Capitalism Vs. Communism

An essay by Isabelle Sorrells


 “All animals are equal but some animals are more equal than others” (Orwell 133). 

When George Orwell wrote Animal Farm, it served as a satire for communism, but he still demonstrated its basic principles. Capitalism, in stark contrast to communism in the 21st century, is a favorable economy designed for the people. Capitalism provides the opportunities and freedom that communism does not. A communist government doesn’t benefit the people, it is designed only to benefit its politicians.

      The opposing side believes that capitalism is broken. When looking at their solutions, communistic ideas and class grievances are common themes. One solution being, “a worker tax credit is the most direct way to send a signal to lower-paid workers that their contributions are valued and respected” (Shierholz). Isabel Sawhill believes that these workers are owed better, and in the process of giving them what they deserve, everyone else has to pay the price. Nell Abernathy, Darrick Hamilton, and Julie Margetta are inebriated of the belief that, “Our economy rewards those with power. Unchecked power does what it does best: replicates and concentrates” (Shierholz). However, Capitalism allows anyone to achieve power, if they were just willing to put in the effort, and those who rise to power with selfish goals never last very long.

      Capitalism gives liberty and fortuity to the people like none other. In communistic countries there isn’t a middle class, one is either part of the bourgeoisie, the government, or the proletariat, the people, and the people are poor. The communist party seeks control over their people, deciding on what businesses get to stay or go. But what happens when the chosen one fails? “The particular advantage of capitalism is that failed businesses don’t necessarily equal a failed economy; they make way for successful businesses” (Forbes). Under this system, people have the right to fail and try again. Through competition, businesses are forced to keep the people (consumers) in mind, as well as what their competitors create, thus preventing them from surviving as a self-serving company. Nothing better than some healthy competition, in fact, it fuels the creative mind, encouraging people to come up with the next best thing. Creativity equals power. But what is one thing a communist government rejects? Creativity. Since its birth, America has drawn the world’s most brilliant minds to its shores. Einstein, Tesla, Elon Musk, the co-founders of Google, the list goes on and on. You don’t see these ingenious people going to China or Venezuela.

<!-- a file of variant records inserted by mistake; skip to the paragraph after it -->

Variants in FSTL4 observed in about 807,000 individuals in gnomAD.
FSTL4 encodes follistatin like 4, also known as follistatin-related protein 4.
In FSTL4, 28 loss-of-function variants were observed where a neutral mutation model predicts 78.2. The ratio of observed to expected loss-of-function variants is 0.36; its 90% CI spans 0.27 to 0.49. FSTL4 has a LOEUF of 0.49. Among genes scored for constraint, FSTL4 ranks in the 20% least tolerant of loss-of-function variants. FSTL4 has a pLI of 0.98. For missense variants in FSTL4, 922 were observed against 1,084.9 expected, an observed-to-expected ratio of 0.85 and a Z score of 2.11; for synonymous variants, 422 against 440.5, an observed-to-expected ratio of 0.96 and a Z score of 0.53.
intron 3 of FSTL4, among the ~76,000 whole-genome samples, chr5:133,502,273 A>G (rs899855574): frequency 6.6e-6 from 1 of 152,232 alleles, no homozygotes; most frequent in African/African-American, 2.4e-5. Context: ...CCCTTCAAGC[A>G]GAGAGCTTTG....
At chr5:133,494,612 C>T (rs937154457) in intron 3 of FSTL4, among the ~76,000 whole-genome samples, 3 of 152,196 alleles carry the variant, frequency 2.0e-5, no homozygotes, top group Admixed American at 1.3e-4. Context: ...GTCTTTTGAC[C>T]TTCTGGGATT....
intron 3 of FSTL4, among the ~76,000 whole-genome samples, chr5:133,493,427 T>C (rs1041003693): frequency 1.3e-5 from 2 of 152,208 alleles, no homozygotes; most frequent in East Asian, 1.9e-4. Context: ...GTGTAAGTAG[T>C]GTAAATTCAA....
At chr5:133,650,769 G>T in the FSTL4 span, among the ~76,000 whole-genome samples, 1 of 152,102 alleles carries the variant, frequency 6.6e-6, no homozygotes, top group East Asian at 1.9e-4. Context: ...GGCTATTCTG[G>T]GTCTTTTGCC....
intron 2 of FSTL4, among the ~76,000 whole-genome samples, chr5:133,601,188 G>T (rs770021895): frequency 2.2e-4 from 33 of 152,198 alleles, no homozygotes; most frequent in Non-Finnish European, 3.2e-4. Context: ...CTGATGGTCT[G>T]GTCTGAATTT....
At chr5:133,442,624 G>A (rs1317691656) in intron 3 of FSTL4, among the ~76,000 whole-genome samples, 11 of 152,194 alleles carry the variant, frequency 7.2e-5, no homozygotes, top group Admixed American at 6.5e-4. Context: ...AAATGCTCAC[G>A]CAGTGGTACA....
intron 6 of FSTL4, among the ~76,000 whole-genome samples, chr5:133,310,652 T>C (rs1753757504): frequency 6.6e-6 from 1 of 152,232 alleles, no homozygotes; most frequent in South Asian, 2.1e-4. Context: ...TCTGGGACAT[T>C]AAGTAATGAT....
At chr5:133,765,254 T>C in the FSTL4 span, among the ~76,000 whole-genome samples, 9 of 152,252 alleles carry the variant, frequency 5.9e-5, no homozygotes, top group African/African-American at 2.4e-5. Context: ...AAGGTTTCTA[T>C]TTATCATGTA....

Capitalism is a system that relies on and is made for the people. In communism, the party decides what is made, often times not taking into account, or just not caring, if it is needed. But in capitalism, “The market is people… We decided what to and what not to do, where to shop and where not to shop, what to buy and what not to buy” (Forbes). Capitalism runs on supply and demand, so that people get what they want, and resources aren’t used up to make things no one needs. Communism is what you would call a top-down system. One that is under complete control by the government and stunts creativity. Basic communist principles stress that humans are imperfect and incapable of making their own decisions, thus the party makes their decisions for them. But are the members of the party not human too? A communist believes, “There are two levels, that of the advanced party and that of the ordinary masses… a man under communist rule enjoys not the hope of personal development to the fullness of his own nature, but has before him… forward and upward movement only in the direction of a human type suited to the rulers’ culture and the rulers’ needs” (Niemeyer). Who gets to determine what is the perfect human? Certainly not another human. Yet, communists set these standards without religion, so it is a human deciding what type of human everyone else should be.  

       When asked, which is the better form of government, between capitalism or communism, capitalism would be the obvious choice. In communism, there are no rights, there is no opportunity for an individual to get ahead. You’re stuck. The communist party dehumanizes its subjects, seeing only the masses and not the individual. What the communist party will never understand, but America’s founding fathers knew, is that there is no government without the people.   

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